An analysis of 17 different depression and stroke studies led researchers this week to propose a link between the psychological disorder and an increased risk of stroke.
At this time researchers involved in the analysis are not sure in stroke risks are linked directly to depression or if they share an underlying cause.
A second study conducted by Dr. Li-Qiang Qin at Soochow University in China recently also compiled information from 17 studies and more than 200,000 participants and then looked for depression and stroke symptoms in patients, they then compared those individuals with patients who did not demonstrate signs of a mood disorder.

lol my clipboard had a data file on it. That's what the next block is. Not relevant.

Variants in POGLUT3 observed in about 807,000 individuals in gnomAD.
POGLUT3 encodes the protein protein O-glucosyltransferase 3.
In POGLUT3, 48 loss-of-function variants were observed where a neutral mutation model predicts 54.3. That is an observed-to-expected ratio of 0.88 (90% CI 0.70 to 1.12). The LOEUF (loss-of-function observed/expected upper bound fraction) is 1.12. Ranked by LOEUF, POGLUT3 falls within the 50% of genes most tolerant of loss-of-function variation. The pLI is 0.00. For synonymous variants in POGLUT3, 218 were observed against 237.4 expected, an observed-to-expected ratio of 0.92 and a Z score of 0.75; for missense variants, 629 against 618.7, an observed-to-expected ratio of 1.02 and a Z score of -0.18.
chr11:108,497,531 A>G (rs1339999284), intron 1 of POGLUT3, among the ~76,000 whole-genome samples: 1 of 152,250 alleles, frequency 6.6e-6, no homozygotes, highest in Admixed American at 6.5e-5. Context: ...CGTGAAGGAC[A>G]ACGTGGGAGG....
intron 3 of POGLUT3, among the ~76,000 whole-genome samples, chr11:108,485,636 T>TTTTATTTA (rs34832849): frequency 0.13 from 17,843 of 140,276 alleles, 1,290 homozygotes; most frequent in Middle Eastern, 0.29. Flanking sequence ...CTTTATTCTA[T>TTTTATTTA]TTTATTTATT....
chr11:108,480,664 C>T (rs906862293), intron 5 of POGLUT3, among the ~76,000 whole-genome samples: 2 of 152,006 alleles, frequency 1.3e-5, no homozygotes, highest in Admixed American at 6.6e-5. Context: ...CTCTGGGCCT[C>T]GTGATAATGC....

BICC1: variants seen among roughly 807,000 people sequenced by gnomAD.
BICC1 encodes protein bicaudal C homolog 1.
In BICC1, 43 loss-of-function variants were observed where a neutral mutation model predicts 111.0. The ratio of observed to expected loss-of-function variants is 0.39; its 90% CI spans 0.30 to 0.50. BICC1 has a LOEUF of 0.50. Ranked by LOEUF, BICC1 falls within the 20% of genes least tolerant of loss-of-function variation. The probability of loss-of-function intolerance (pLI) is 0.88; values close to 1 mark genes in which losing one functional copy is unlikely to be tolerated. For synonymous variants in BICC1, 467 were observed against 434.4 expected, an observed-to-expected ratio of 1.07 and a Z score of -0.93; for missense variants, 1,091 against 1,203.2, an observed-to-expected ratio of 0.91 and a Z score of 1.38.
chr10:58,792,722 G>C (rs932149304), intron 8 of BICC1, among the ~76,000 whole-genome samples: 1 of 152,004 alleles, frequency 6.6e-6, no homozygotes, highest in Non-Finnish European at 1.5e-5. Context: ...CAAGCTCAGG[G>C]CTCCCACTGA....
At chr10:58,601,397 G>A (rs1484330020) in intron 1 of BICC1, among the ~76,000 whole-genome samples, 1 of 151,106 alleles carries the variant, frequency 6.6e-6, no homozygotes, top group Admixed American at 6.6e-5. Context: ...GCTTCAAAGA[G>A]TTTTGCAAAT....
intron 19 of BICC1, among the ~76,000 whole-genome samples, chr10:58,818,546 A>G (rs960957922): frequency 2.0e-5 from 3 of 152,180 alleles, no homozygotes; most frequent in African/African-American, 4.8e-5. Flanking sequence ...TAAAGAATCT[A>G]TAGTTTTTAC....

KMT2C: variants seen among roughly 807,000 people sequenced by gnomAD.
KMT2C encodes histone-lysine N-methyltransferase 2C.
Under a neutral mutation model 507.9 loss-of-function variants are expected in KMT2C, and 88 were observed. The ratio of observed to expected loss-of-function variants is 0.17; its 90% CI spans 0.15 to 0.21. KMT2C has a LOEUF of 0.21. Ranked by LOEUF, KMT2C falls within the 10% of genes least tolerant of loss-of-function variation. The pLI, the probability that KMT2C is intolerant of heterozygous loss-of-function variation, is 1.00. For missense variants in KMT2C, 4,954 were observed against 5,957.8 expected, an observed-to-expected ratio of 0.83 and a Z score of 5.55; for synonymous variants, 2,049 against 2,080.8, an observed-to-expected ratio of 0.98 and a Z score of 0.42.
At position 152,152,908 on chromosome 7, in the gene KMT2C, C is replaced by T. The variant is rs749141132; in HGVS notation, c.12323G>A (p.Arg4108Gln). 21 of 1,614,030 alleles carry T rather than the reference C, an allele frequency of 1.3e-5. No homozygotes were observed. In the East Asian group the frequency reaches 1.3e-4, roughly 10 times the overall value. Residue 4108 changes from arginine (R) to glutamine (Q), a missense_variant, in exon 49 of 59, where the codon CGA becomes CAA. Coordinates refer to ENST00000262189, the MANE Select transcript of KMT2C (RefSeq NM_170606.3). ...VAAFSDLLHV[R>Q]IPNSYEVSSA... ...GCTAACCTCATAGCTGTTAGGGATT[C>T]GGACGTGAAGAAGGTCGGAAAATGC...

The long-term study examined people who had not yet had a stroke and then followed them over a period of three to 29 years.
In two of the compiled studies researchers found that depression lowered the risk of a stroke, while two study’s found no difference between depression and non-depression patients. However in the remaining 13 studies people with depression were shown to have a higher risk of stroke. When all 17 studies were combined the risk of stroke increased by 34 percent for patients with depression.
With 26 out of every 10,000 people in America suffering a stroke each year (800,000 Americans) strokes are the third leading cause of death in the United States according to the Centers for Disease Control and Prevention.
Furthering the study’s validity was another research project earlier in the year which polled together 28 projects while also finding that an increase in stroke occurred when depression was present.
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